The Maxim Micro Software Development Installer Kit (MaximSDK) Installer contains all the necessary tools to develop the firmware for Maxim microcontroller ICs, including Maxim® proprietary source codes, libraries, and examples dedicated to:

  • Board support packages (BSPs)
  • Validated hardware abstraction layer (HAL) source codes
  • Libraries
    • Integrated into the installer:
    • Free Crypto Library (FCL)
    • FreeRTOS
    • Lightweight TCP/IP stack (lwIP)
    • SD Card Library (SDHC)
  • Installed separately (NDA or SLA required):
    • EMV L1 Contact-Smart Card: Install as a plugin
    • NFC: Install as a plugin
    • UCL: Install as a plugin
  • Documentation
  • Wide range of examples ready to run on evaluation kits (EV kits)

For detailed information about the installation of the MaximSDK environment for Maxim® Microcontroller ICs, consult the Maxim Micro SDK (MaximSDK) Installation and Maintenance User Guide

Maxim SDK installers for different operating systems can be downloaded using below links:

For Linux OS, you may need to make this file executable. Use the command:

“chmod +x”

Setting Up the Gateway

There are many variants we can choose from when deciding what hardware we should use.
For this setup, we will be using Raspberry Pi 4 as the hardware and ChirpStack v4 for our gateway OS.

Click to see more

There are many variants we can choose from when deciding what hardware we should use.
For this setup, we will be using Raspberry Pi 4 as the hardware and ChirpStack v4 for our gateway OS.

Click to see more

Equipment Required

Before continuing, you need to gather all the necessary hardware and software tools and those are listed below.




Downloading the OS

Presumably we already have possession with a hardware, first thing to do is download the OS. On this writing, the OS version is 4.1.1.

SD Card Flashing

  1. Download Balena Etcher
  2. Click Flash from file from the option in the interface and navigate in your pc the location of the where the Chirpstack Gateway OS is located.
  3. Select target and choose the targeted microSD card drive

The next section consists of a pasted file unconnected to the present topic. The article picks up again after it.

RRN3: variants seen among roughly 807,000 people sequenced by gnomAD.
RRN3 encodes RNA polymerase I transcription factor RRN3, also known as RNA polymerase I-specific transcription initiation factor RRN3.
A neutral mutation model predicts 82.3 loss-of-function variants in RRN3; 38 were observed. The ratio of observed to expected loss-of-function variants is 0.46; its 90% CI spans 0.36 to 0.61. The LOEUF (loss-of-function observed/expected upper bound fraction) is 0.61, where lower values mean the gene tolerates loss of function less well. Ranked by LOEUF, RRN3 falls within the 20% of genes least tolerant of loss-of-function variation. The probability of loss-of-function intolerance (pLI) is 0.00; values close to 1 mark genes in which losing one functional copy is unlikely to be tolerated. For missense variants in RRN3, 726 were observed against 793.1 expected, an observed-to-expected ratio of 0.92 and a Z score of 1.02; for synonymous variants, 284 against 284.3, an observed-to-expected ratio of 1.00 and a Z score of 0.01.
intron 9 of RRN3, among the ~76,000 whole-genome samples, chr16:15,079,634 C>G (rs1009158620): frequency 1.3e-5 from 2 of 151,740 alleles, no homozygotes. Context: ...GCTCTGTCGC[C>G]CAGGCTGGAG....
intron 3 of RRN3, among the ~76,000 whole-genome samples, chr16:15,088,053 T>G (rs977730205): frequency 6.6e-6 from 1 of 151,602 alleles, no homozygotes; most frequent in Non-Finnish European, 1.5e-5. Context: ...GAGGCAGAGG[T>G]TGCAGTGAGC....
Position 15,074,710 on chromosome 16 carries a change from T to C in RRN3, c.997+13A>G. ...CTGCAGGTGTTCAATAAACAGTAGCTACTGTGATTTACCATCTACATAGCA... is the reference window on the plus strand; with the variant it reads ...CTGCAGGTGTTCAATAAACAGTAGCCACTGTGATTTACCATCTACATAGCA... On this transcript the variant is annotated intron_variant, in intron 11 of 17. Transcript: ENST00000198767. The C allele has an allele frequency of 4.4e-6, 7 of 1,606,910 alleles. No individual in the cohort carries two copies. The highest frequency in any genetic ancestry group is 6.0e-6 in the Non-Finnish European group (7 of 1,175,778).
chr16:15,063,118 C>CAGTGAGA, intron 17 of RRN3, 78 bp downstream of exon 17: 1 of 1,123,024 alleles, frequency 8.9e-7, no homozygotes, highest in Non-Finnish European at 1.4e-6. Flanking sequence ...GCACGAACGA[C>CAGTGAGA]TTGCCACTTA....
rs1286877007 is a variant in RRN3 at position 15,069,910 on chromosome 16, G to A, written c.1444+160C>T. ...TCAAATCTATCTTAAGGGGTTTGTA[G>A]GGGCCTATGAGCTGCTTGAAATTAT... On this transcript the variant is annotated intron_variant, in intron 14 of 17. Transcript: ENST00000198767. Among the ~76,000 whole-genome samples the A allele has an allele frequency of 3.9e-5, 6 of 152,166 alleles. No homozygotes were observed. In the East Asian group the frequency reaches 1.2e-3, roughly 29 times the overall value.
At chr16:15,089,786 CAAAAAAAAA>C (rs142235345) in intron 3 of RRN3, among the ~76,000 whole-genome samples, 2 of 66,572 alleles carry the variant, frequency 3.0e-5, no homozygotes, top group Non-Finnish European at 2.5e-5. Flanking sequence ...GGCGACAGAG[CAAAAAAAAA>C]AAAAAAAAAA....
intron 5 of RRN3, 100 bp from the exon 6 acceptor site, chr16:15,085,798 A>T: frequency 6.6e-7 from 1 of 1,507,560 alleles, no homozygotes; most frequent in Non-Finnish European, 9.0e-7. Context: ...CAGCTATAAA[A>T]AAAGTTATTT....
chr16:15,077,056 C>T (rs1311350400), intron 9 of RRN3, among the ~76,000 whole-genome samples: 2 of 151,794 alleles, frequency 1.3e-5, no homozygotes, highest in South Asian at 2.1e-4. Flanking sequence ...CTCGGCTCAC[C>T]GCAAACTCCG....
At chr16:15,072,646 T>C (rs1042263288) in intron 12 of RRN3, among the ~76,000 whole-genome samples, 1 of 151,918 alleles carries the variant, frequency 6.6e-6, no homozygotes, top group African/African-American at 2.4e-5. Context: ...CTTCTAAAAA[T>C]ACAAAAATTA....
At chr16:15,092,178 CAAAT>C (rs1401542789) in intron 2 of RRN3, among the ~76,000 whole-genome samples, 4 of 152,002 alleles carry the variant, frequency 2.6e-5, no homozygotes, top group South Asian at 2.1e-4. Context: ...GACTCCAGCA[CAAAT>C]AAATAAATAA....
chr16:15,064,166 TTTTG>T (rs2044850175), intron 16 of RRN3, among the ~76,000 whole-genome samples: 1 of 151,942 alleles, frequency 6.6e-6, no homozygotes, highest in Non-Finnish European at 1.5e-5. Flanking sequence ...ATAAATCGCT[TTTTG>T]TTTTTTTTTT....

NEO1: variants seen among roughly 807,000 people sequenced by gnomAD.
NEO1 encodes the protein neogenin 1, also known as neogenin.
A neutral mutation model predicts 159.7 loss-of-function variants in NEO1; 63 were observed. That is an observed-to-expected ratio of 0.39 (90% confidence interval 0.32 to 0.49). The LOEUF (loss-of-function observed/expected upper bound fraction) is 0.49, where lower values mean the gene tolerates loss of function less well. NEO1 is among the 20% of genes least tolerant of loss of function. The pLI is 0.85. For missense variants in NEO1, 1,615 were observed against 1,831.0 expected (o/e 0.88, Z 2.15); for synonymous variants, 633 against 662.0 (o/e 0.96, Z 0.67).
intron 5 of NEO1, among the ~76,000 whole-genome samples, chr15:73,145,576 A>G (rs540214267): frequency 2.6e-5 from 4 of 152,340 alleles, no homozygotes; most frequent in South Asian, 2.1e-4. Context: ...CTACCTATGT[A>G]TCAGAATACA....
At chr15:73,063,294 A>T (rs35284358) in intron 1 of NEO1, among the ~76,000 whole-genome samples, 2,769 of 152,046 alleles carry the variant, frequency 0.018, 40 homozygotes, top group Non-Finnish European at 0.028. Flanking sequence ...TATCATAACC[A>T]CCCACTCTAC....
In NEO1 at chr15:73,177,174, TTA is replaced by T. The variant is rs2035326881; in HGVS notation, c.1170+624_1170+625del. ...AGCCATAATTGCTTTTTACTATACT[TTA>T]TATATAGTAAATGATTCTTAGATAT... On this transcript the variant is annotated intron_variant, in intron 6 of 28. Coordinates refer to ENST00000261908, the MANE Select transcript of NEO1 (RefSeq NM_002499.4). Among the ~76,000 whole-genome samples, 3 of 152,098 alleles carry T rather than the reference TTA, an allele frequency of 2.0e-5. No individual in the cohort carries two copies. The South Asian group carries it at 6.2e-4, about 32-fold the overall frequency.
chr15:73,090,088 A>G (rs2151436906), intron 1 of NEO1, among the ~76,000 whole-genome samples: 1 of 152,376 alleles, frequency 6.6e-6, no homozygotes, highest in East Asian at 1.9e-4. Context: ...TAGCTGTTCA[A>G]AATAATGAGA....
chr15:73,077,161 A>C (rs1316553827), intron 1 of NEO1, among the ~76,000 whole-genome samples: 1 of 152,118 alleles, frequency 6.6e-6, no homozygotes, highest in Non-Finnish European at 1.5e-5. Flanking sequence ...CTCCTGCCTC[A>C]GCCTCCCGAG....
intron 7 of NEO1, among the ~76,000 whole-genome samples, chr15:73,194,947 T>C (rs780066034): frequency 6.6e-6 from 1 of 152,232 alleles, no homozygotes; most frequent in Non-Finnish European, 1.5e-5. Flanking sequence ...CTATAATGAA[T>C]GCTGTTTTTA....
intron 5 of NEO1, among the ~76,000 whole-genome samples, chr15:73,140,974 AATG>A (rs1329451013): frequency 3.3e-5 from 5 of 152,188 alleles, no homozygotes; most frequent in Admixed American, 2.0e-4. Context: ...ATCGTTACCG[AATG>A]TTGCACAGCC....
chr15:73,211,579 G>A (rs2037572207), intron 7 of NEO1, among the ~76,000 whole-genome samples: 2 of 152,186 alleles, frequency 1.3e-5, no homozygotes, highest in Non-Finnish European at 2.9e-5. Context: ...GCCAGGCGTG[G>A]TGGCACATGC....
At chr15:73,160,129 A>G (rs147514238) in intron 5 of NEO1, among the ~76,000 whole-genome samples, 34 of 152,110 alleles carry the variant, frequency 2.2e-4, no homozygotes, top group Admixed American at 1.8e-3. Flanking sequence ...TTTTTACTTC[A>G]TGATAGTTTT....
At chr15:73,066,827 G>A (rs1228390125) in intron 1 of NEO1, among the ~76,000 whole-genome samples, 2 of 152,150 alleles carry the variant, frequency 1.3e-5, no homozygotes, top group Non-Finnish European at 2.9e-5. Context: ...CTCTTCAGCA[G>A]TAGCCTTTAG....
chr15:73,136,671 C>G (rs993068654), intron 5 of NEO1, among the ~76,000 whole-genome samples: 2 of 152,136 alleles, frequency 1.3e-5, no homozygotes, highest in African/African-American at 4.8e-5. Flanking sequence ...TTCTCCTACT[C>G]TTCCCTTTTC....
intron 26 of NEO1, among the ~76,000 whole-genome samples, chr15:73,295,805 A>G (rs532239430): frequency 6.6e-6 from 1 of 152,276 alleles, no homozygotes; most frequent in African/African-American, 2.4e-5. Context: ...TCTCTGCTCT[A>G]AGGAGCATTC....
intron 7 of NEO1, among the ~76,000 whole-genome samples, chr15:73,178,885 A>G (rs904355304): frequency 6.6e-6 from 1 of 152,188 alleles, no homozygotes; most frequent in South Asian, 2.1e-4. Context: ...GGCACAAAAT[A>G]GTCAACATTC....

4. Click Flash! to start the burning process of the image in the chosen SD card.
  5. Wait until it is done
After the first boot, the gateway might reboot automatically to apply some changes. The Full Image will set up the PostgreSQL database on its first boot. This could take a couple of minutes and during this time, the gateway will be less responsive.

Configure the Concentrator

To configure the concentrator, you need to setup the hardware for the gateway system by following these steps:

  1. Insert the burned SD card on the designated slot on the Raspberry Pi.
  2. Connect the RAK5146 PiHAT to the Raspberry Pi through the 40-pin connector.
  3. Connect the monitor using an HDMI cable through the mini HDMI connector found on the Raspberry Pi.
  4. Connect a USB keyboard and mouse to the RPi through the USB ports.
  5. Power on the RPi by plugging in a dedicated 5V power supply with Type C USB connector.

Follow these steps to configure the settings in the concentrator:

  1. in the RPI 4 terminal, enter sudo gateway-config in the command terminal.
  2. In the main menu, choose Setup LoRa concentrator shield in the menu.
  3. Choose RAK5146 (with GNSS).
  4. Choose AU915.
  5. Choose Channels 0 to 7 + 64.
  6. The Concentrator restarts and goes back to the main menu.
  7. Quit the main menu.

If you have properly configured your gateway and if you have installed the Full Image, then you are ready to use the ChirpStack LoRaWAN Network Server.

Connecting Gateway to the Internet

An Access-Point (AP) with Internet connection should be connected to the hardware via Ethernet connection. After your gateway has booted, it will use DHCP to obtain an IP address.

Establishing Wireless Access Point to the Gateway

By default, the ChirpStack Gateway OS will create an AP to which you can connect with the following settings:

name: ChirpStackAP-XXXXXX password: ChirpStackAP

Accessing the Gateway Web Interface

Once connected in the RPI, you can now connect to the web gateway interface by entering http://GATEWAY-IP-ADDRESS/ in your browser.

The default IP address of the gateway is, then you need to enter

Your browser might show you a warning about a self-signed certificate. Click Proceed.

The default credentials are:

  • Username: admin
  • Password: admin

Connecting a Device

This section describes how to connect your LoRaWAN device with ChirpStack and how to validate that it can successfully activate and send data. At this point, it is assumed that you have a working ChirpStack environment with a connected gateway.


Before continuing, there are a couple things you need to know about your device. This information is usually provided by the device vendor.

  • DevEUI
  • LoRaWAN MAC version implemented by the device
  • Regional Parameters revision implemented by the device
  • OTAA only: Device root-keys (when no external join-server is used)

Log in to the ChirpStack Web Interface

The default credentials are:

  • Username: admin
  • Password: admin

Device Profile